What a shame, and just as we are poised for our next climb up the Divisions.

    Thanks to all commentators, and contributors over the past few years.

  6. Tim and Stix in the Mix?!? Sad news!
    Hopefully there is an opportunity from this for someone to do something new/different – like Kurupt FM perhaps?

  7. The voice of Bradford City when I was growing up in the late 80s and 90s was always Chris Cooper (with Bobby Ham) on Pennine/The Pulse. I still remember his commentary from the first game I listened to after deciding I liked football and wanted to support City – the 1-0 win over Spurs in the FA Cup when Mitchell scored from Kennedy’s short free kick. I loved the goal alerts, and his great commentary for the play-off semi-final at Blackpool – “The Blackpool Tower might by a mile down the road, but it’s the Twin Towers that beckon for City now!”

    When I went to uni in Manchester during the Premier League years I could pick up Radio Leeds over the Pennines a little better than the Pulse, so I started listening to Derm Tanner’s commentary more, which I also greatly enjoyed. Over the years I alternated between the stations, and now living away from Bradford I have to listen to what iFollow provides. McCall’s first season back, with Chris Cooper and Jason Thornton sharing commentary duties, was great, but since then it’s been Radio Leeds on iFollow. I like Tim Steere, although his co-commentators aren’t always great. I hope they’re able to find someone passionate and knowledgeable to commentate with him – Gary Jones maybe? Or perhaps the club could hire Chris Cooper if he’s available and produce their own commentary for iFollow?

    Either way, it’s the end of an era, but I’ll still have the memories.

  8. What’s really annoying about BBC Radio Leeds is that the commentators DO show passion towards Leeds and to a lesser extent Huddersfield but just not to CIty.

    The post match coverage of City is pathetic and sometimes only includes the interviews with a manager and a player. We have to endure that god awful phone in dominated by moronic Leeds fans. This is particularly galling if listening on ifollow having paid for the privilege. I will definitely miss the post match coverage from the Pulse.

    • Not sure where people get this, Tim Steere shows no passion with City. Listen to his commentary for the winning goal against Shrewsbury at home last season and tell me he has no passion. I find him a very good commentator.

      • I agree, and I believe I’m right in saying he is a city fan too. You don’t have to be screaming down the microphone and shouting at the ref all the time to show passion, and anyway, sometimes being a little bit more reserved makes for better commentary as he’s able to convey more accurately what is happening on the pitch without getting lost in the moment – and giving clear commentary is, after all, what he’s paid to do.

  9. Used to listen to Pennine radio before there was live commentry when they used to interrupt the middle of a song being played to let you know ‘the GOAL light was flashing at Valley Parade’, or simply ‘it…it…it…it….its a Goal’.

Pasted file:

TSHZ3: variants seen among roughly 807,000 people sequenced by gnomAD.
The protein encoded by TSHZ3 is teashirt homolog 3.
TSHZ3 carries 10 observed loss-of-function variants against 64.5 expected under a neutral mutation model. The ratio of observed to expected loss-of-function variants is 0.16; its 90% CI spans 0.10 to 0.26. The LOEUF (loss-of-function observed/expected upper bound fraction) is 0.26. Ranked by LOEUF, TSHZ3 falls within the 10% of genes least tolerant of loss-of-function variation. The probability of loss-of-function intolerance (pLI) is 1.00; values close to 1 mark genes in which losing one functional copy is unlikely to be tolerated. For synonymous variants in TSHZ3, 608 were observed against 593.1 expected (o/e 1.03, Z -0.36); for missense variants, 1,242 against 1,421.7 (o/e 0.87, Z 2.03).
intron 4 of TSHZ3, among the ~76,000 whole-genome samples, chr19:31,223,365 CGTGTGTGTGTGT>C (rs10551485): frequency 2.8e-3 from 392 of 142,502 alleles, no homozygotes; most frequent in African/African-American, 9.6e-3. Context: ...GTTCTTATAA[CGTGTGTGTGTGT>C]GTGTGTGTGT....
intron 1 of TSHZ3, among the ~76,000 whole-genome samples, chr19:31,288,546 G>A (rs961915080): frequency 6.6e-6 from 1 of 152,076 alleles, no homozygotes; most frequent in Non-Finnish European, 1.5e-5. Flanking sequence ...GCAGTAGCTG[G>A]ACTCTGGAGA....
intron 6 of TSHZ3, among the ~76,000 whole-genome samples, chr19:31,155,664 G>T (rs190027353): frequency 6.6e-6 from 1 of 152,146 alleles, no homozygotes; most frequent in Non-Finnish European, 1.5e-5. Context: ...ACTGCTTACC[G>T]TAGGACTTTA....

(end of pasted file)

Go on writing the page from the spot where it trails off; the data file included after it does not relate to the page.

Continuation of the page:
I remember as a seven year old, too young to attend a 1980’s evening match, sitting out in the hall at our house waiting and waiting for news from the City v Liverpool league cup tie. The joy or deflation when that moment came, “goal light flashing at Valley Parade, is it good news or bad, Tony Delahunty?”.”AND BRADFORD CITY HAVE SCORED AND ITS BOBBY CAMPBELL!”


    • Very true Paul ,it used to be really nerve wracking when City were leading 1 0 at an away ground, then they used to shout “It’s a goal”, heart in the mouth time ,and then it would be a goal at the Shay so I could breath again.

  10. As producer since 2012, this is a sad but for me inevitable time. Missed all those promotion/cup games but still hold some good memories of them.

  11. I’m gutted to lose the Pulse covering the bantams. There were always my preferred choice as they were 100% city and not diluted with Leeds and Town.
    Sad times

  12. I will miss the pulse commentary so Much

  13. Sadly match days will never be the same with the decision not to cover City matches. I will miss the many diverse pre and post match opinions of fans, the interviews and the many guest summarisers.
    I particularly liked the declared bias in commentary as it was different from the norm and was very well delivered by 2 lifelong City fans in Tim and Jason Thornton.
    Some equally entertaining and very different co-commentators with people like ‘Sticks’, Billy Bingham and latterly you Jason! Forthright views were a trademark and I for one enjoyed listening. Clearly the refs have got their own back over the years and influenced the decision by the owners to pull the plug.
    It’s never ideal to have just a sole supplier so let’s hope it’s not the end forever!
    Thanks and good luck to Jason T and all the sports team at Pulse 2 👍🏻

  14. Used to have to sit through hours of Asian music on the “ meeting place” hosted by Yaqoob Ali?? Just to get a quarter hourly update on a Tuesday or Wednesday night away game in the early eighties whilst still at school…good old Pennine radio!!!